• However, this has not had any impact on the estimates for the full year, which remained unchanged at 7.1% between February and May
  • This is due to a significant increase in Q1 estimates between the 2nd Advance Estimates of Feb and the current estimates

Change in GVAGDP growth estimates - Q1 FY 2017

  • GDP growth estimate for Q1 has been increased from 7.2% as per Feb figures, to 7.9% in May
  • Significant change has happened in the numbers for Manufacturing, Electricity & Other Utilities, Construction and Financial, Real Estate & Professional Services
  • This movement has been explained by the change in IIP numbers due to the shift to the new base year of 2011-12
  • However, what is puzzling is that this has not affected the Q2 & Q3 numbers as much as it has affected Q1 numbers, which it should have, logically
  • IIP growth for FY16 and FY17 have moved from 2.4% and 0.7% under the old IIP series to 3.4% and 5% under the new series
  • This does not seem to have affected the full-year GVA and GDP growth between the two estimates

GDP & GVA estimates for full year

  • GVA growth estimate for FY17 has in fact been revised downward from 6.7% as per Feb estimates to 6.6% in May estimates
  • While FY16 GDP growth has increased marginally by 0.2%, the estimates for FY17 have remained unchanged
  • While such changes are puzzling to say the least, the growth estimates do undergo revisions in later publishing, and hence we might need to wait a little longer for the full picture to emerge

Domestic prices of iron ore remain high despite dip in international prices

  • Iron ore prices in global markets has fallen 34% in last four months to $57 a tonne, while domestic prices have remained constant at Rs.2,185 per tonne
  • Domestic iron ore producer NMDC has decided to hold rates despite the crash in international prices, which is hurting the profitability of steel companies
  • Input costs have increased significantly for domestic steel producers, who have been unsuccessfully trying to pass on the increase in costs to end-customers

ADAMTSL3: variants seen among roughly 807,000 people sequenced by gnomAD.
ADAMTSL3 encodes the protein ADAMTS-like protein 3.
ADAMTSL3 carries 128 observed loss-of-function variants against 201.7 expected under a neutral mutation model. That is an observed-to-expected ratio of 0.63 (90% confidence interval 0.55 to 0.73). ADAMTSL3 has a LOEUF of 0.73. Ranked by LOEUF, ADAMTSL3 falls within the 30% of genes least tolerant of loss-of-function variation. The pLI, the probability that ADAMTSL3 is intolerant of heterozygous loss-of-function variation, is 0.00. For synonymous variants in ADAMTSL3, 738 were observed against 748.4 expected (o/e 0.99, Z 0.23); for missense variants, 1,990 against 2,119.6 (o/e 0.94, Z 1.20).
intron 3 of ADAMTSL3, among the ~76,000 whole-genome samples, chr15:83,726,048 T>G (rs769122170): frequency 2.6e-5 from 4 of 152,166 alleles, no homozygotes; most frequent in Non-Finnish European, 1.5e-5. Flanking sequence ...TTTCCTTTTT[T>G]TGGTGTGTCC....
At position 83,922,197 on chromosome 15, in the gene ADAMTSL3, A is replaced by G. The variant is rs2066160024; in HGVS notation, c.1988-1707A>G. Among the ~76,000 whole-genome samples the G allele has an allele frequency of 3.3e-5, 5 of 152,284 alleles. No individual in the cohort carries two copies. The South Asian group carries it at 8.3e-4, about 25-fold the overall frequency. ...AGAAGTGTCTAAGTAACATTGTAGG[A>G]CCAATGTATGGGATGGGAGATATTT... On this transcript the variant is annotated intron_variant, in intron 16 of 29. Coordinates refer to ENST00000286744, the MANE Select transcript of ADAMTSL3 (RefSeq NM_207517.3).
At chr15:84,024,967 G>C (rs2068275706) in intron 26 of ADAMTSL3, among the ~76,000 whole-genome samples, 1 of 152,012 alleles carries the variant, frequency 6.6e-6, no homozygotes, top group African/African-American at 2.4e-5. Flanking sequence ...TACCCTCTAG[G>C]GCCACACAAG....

• While some manufacturers in the coastal region have started importing iron ore rather than buy from NMDC, this is not a viable alternative for others due to the logistical issues involved in such transactions
  • In the last 3 months, 0.70mn tonnes of ore has been imported with another 50,000 tonnes expected in the next month
  • The other factor in favour of imports is the payment terms – NMDC insists on payment against delivery, while imports are done against usance LCs
  • Steel producers are battling dual challenges of rising input costs and lacklustre demand
  • Expectation in slowdown in infrastructure activities due to onset of South West monsoon has hit demand
  • Global steel prices have dropped sharply in recent times and export price of HR Coil has dropped by 14% in the last month

Policy rates on hold

  • In line with popular expectations, the latest policy announcement by the Monetary Policy Committee saw rates being kept on hold at the same level, while lowering the CPI projections
  • While the latest print of Consumer Inflation at 2.99% is below the RBI target of 4%, the Central Bank has decided to assess whether the low momentum in April was a ‘one-off’ or will endure
  • However, there are many people who feel that the RBI is unnecessarily hawkish, and that the economy could use a rate cut now
  • It needs to be noted that as per the Monetary Policy Framework Agreement signed by the RBI and the Govt, the cornerstone of monetary policy needs to be price stability, unlike earlier, when multiple indicators of growth, inflation and exchange rates were used to decide on policy rates
  • Also, the onus of containing inflation within, what is, an extremely conservative target of 4% (+/-2%) is entirely on RBI
  • Any misses to the targeted numbers for consecutive three quarters will require RBI to put in writing the reasons for the slip-up, the remedial actions to be undertaken and to specify the period within which inflation will fall back in line
  • In a country like India, where supply side constraints influence inflation more than liquidity and interest rates alone, this is a tough ask on the regulator

CPI inflation

  • Further the expectation of 4% is a very unrealistic target, considering that CPI inflation has fallen below this level on very few occasions, as can be seen from the above chart
  • It might be wise to set the inflation targets to a more realistic level and expect the same to be achieved rather than adopting a conservative number which could do more harm than good

Some numbers to note_6

Abin Daya the author of 'Basics of Trade: An India Perspective' is a FEMA expert, a career transaction banker, with close to 15 years of experience in corporate and transaction banking, in India.

Abin Daya


Sheela Mamidenna - Jun 12, 2017 12:00 IST